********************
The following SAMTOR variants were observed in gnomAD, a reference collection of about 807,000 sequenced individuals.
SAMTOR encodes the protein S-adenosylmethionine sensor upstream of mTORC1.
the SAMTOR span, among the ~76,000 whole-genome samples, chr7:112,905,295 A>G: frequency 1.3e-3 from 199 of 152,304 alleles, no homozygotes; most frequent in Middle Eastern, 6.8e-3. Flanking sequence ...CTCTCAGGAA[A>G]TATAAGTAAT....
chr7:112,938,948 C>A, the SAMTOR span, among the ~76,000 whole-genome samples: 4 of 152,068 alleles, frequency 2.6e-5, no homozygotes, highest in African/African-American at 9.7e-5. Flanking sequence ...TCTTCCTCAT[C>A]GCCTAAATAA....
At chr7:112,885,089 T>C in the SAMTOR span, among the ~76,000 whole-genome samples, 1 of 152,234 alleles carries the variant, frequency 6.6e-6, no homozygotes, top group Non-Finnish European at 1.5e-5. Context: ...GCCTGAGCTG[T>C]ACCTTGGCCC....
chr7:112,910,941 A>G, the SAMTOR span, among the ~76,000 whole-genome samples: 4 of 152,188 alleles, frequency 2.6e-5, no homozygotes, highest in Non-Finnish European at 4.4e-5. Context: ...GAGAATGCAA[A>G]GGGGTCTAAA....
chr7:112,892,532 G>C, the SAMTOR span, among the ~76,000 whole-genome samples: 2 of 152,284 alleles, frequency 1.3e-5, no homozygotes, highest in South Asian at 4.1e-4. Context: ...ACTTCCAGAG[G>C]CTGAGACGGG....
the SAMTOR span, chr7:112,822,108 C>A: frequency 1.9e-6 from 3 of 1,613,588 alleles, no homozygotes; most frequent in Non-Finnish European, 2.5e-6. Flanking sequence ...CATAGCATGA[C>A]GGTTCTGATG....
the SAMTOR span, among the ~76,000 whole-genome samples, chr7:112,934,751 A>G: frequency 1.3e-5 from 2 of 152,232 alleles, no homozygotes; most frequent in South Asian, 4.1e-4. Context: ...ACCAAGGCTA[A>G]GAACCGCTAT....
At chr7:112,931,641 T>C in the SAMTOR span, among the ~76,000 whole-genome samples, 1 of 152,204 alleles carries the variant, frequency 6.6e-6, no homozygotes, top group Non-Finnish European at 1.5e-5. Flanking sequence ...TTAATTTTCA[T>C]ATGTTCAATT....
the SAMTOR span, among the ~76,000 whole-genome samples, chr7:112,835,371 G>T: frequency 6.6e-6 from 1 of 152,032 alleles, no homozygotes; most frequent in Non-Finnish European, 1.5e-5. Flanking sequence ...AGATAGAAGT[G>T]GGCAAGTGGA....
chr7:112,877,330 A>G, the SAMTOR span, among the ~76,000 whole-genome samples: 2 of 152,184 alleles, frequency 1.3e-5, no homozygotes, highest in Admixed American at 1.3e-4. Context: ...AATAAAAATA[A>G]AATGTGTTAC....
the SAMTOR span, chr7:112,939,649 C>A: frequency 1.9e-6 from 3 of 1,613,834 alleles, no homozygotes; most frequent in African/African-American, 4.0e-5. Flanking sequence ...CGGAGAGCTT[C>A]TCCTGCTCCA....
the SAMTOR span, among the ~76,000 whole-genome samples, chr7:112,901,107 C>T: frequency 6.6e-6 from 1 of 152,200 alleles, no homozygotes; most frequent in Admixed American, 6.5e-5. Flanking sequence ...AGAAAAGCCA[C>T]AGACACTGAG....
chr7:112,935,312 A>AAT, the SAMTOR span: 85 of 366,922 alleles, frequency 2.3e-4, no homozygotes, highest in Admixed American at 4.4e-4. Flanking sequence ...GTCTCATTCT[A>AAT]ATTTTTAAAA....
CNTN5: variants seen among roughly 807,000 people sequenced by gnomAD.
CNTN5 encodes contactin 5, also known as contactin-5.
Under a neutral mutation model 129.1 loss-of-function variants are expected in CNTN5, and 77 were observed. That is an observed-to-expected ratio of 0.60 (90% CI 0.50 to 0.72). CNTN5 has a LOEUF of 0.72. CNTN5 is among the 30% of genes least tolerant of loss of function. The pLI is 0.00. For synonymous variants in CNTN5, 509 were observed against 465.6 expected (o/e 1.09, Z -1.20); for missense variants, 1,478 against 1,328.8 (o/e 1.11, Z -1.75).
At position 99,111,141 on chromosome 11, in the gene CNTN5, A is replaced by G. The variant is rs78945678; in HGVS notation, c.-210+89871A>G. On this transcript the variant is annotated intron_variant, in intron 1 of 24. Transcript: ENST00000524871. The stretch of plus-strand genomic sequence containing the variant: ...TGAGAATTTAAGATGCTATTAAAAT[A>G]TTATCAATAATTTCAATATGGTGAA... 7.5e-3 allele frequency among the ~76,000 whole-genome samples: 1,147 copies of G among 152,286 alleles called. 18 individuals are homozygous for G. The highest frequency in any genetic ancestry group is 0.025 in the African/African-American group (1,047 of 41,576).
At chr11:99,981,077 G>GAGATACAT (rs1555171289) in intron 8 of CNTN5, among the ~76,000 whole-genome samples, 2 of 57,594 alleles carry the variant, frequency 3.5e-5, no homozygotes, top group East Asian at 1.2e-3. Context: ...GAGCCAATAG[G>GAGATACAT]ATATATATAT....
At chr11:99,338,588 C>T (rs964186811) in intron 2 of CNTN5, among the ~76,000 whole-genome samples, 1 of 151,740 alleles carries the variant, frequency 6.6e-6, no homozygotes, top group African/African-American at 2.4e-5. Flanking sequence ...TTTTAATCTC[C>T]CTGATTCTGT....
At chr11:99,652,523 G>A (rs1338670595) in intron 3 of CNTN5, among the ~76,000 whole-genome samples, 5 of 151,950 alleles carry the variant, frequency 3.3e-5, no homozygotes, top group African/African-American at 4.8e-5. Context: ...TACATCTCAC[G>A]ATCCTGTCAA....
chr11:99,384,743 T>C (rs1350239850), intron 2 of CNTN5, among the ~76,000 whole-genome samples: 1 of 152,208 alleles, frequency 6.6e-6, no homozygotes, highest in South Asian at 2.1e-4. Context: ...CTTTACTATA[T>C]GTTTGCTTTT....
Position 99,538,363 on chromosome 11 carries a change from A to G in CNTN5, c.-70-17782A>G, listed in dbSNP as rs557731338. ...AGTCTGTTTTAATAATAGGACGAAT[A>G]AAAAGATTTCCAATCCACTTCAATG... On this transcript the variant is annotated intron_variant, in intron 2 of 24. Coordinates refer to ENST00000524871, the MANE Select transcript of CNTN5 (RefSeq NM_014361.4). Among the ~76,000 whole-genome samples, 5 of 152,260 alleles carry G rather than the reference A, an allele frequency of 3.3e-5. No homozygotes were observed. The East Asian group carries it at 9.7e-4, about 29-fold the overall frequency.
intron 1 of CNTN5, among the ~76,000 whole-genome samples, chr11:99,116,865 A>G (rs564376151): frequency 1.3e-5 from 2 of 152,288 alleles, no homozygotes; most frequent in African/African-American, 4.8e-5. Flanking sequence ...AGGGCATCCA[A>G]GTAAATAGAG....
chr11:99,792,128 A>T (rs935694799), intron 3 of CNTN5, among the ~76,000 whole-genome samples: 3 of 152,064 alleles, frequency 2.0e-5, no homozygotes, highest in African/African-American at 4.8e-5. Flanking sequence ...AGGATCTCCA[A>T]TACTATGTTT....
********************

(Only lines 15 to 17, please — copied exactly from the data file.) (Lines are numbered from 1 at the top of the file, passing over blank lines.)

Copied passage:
chr7:112,935,312 A>AAT, the SAMTOR span: 85 of 366,922 alleles, frequency 2.3e-4, no homozygotes, highest in Admixed American at 4.4e-4. Flanking sequence ...GTCTCATTCT[A>AAT]ATTTTTAAAA....
CNTN5: variants seen among roughly 807,000 people sequenced by gnomAD.
CNTN5 encodes contactin 5, also known as contactin-5.